Moving beyond discussions about the politicization of visual culture in the United States, the Museum’s exhibition Americans (opening this fall in Washington, D.C.) delves deeply into the reasons behind this phenomenon. Whether viewed sweepingly or considered in detail, the exhibition’s central gallery, titled Indians Everywhere, reveals the historical extent of this imagery – its use began with Paul Revere and the revolutionary generation and has continued to the present day – as well as the unexpected, sometimes paradoxical contexts in which it appears. American Indian imagery has been used by the federal government to distinguish the United States from other nations and to define the nation for its citizens, by U.S. armed forces to express military might, by American corporations to signify integrity and by designers, such those who created the 1948 Indian motorcycle, to add luster and cachet to commercial products.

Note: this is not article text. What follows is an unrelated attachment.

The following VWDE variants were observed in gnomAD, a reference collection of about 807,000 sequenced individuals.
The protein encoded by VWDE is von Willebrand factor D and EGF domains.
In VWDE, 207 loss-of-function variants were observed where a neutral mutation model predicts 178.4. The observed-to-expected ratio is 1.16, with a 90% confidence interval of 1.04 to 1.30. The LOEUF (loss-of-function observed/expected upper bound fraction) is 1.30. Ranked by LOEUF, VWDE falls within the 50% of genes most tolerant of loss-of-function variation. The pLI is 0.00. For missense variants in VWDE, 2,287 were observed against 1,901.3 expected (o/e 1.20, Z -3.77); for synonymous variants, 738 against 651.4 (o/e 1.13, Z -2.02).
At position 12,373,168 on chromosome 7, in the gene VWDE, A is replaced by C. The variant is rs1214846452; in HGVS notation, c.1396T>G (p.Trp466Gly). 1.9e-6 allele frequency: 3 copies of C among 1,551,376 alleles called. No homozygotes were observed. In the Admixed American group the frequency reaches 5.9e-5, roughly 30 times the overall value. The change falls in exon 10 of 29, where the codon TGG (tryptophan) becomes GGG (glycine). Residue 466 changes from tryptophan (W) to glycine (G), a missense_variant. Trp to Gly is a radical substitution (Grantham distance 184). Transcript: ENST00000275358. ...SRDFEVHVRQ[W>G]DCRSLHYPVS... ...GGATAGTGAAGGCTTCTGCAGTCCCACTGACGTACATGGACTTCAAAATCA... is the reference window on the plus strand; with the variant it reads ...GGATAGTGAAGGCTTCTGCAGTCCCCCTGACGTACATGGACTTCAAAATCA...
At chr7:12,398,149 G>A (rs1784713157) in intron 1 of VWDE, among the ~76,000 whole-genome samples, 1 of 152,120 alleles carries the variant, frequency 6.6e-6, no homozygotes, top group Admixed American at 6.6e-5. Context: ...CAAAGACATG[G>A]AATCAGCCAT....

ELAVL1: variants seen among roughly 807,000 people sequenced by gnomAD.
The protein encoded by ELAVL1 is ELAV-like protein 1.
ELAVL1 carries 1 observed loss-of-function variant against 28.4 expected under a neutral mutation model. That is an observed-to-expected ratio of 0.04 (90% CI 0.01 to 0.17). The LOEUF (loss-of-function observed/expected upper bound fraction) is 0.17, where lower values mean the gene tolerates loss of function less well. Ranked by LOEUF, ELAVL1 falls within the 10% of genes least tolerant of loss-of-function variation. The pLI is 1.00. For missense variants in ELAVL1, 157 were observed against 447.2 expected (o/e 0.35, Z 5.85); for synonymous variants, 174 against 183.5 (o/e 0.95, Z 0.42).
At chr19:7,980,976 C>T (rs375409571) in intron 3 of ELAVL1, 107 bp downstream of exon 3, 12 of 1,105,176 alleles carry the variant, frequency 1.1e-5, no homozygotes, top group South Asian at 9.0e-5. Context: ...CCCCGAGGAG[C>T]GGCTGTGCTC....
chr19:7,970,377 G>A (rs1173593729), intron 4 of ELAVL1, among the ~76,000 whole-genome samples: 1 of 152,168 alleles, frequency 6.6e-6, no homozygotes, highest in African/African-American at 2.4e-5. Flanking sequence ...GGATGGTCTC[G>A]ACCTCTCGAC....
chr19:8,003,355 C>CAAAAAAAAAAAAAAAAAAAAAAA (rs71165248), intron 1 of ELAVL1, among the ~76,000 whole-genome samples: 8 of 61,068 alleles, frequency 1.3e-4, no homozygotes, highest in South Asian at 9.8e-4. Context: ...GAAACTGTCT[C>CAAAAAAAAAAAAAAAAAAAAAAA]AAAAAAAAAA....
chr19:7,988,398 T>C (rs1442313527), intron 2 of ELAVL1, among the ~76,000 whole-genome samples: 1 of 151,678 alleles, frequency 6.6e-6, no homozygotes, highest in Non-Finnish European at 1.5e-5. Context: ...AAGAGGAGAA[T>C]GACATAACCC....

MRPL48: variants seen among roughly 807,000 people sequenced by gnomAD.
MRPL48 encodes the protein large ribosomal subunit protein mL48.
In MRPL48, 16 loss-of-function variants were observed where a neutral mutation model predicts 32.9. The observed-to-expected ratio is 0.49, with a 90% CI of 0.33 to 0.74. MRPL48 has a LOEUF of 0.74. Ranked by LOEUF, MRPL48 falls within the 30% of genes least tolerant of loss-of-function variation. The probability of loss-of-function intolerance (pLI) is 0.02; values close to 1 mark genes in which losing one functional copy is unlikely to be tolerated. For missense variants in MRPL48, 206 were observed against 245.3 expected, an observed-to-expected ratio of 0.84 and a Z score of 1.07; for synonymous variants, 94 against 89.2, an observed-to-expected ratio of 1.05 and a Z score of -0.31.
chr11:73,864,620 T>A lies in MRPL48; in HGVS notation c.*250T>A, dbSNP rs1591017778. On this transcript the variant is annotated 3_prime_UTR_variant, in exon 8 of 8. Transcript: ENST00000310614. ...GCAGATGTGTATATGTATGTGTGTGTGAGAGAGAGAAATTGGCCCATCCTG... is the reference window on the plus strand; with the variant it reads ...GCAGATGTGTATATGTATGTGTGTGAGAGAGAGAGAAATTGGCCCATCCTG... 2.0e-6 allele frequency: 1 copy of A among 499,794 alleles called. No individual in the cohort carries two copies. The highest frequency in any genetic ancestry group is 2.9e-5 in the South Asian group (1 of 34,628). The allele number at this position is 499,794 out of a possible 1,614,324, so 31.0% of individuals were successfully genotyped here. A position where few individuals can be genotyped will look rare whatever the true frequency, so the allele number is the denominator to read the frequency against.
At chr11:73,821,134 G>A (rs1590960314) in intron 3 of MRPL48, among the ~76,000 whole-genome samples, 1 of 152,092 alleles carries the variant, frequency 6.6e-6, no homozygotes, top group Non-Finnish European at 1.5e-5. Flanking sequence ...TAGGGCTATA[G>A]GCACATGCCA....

Within the Americans exhibition, Indians Everywhere provides a starting point for exploring four foundational events in U.S. history: the life of Pocahontas, Thanksgiving, the Trail of Tears and the Battle of Little Bighorn. Americans shows how each of these events has affected and shaped America’s national consciousness and Americans’ lives.
The exhibition’s title is a play on words. In the Oxford English Dictionary, the first definition provided for “American” is “An indigenous inhabitant of (any part of) the Americas; an American Indian.” This usage was common until the early 19th century. As visitors move through Americans, from the imagery of the Indians Everywhere gallery to the galleries featuring the four events, they will gain a greater awareness of the history Indians and non-Indians share.
We hope people will leave the Museum newly attuned to the pervasive presence of American Indian imagery in everyday life. And when people begin to notice the Indian images and names that permeate their own lives, we hope that they will see this phenomenon for what it is: one that exists in the United States more than it does in any other country, one that ultimately speaks to the fact that the United States was carved out of American Indian land, and that its history is profoundly intertwined with American Indians.